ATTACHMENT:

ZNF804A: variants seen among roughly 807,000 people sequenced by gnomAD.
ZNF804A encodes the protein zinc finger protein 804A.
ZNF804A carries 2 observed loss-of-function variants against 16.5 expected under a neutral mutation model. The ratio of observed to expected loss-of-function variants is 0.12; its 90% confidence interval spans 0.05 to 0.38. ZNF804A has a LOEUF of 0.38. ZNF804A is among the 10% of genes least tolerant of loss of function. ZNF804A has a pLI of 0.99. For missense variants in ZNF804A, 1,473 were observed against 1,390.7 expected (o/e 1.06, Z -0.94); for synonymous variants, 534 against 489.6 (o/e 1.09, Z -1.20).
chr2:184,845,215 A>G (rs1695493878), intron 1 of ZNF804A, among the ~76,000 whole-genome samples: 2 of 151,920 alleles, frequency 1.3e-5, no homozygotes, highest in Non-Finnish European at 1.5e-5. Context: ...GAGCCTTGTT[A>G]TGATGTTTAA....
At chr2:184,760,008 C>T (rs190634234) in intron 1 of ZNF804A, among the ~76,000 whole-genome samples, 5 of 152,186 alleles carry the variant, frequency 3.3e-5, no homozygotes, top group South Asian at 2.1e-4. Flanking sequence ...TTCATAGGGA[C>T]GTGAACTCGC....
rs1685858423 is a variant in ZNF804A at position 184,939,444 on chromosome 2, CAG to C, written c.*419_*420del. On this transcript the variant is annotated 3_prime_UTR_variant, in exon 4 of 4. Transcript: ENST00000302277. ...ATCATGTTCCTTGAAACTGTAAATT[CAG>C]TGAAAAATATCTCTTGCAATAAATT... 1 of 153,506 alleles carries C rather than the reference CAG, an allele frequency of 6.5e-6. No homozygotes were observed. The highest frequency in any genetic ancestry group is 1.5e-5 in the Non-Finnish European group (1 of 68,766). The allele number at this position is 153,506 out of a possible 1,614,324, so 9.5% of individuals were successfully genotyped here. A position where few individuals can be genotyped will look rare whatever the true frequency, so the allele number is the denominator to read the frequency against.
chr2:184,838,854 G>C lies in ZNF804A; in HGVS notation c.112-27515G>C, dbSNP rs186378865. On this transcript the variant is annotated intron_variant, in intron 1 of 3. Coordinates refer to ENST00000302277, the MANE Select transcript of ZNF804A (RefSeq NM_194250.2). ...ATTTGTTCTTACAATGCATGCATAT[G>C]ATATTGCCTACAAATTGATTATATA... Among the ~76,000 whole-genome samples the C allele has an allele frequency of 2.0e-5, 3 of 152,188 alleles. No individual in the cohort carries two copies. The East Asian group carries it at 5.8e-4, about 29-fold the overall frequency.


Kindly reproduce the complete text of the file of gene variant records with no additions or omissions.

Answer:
ZNF804A: variants seen among roughly 807,000 people sequenced by gnomAD.
ZNF804A encodes the protein zinc finger protein 804A.
ZNF804A carries 2 observed loss-of-function variants against 16.5 expected under a neutral mutation model. The ratio of observed to expected loss-of-function variants is 0.12; its 90% confidence interval spans 0.05 to 0.38. ZNF804A has a LOEUF of 0.38. ZNF804A is among the 10% of genes least tolerant of loss of function. ZNF804A has a pLI of 0.99. For missense variants in ZNF804A, 1,473 were observed against 1,390.7 expected (o/e 1.06, Z -0.94); for synonymous variants, 534 against 489.6 (o/e 1.09, Z -1.20).
chr2:184,845,215 A>G (rs1695493878), intron 1 of ZNF804A, among the ~76,000 whole-genome samples: 2 of 151,920 alleles, frequency 1.3e-5, no homozygotes, highest in Non-Finnish European at 1.5e-5. Context: ...GAGCCTTGTT[A>G]TGATGTTTAA....
At chr2:184,760,008 C>T (rs190634234) in intron 1 of ZNF804A, among the ~76,000 whole-genome samples, 5 of 152,186 alleles carry the variant, frequency 3.3e-5, no homozygotes, top group South Asian at 2.1e-4. Flanking sequence ...TTCATAGGGA[C>T]GTGAACTCGC....
rs1685858423 is a variant in ZNF804A at position 184,939,444 on chromosome 2, CAG to C, written c.*419_*420del. On this transcript the variant is annotated 3_prime_UTR_variant, in exon 4 of 4. Transcript: ENST00000302277. ...ATCATGTTCCTTGAAACTGTAAATT[CAG>C]TGAAAAATATCTCTTGCAATAAATT... 1 of 153,506 alleles carries C rather than the reference CAG, an allele frequency of 6.5e-6. No homozygotes were observed. The highest frequency in any genetic ancestry group is 1.5e-5 in the Non-Finnish European group (1 of 68,766). The allele number at this position is 153,506 out of a possible 1,614,324, so 9.5% of individuals were successfully genotyped here. A position where few individuals can be genotyped will look rare whatever the true frequency, so the allele number is the denominator to read the frequency against.
chr2:184,838,854 G>C lies in ZNF804A; in HGVS notation c.112-27515G>C, dbSNP rs186378865. On this transcript the variant is annotated intron_variant, in intron 1 of 3. Coordinates refer to ENST00000302277, the MANE Select transcript of ZNF804A (RefSeq NM_194250.2). ...ATTTGTTCTTACAATGCATGCATAT[G>C]ATATTGCCTACAAATTGATTATATA... Among the ~76,000 whole-genome samples the C allele has an allele frequency of 2.0e-5, 3 of 152,188 alleles. No individual in the cohort carries two copies. The East Asian group carries it at 5.8e-4, about 29-fold the overall frequency.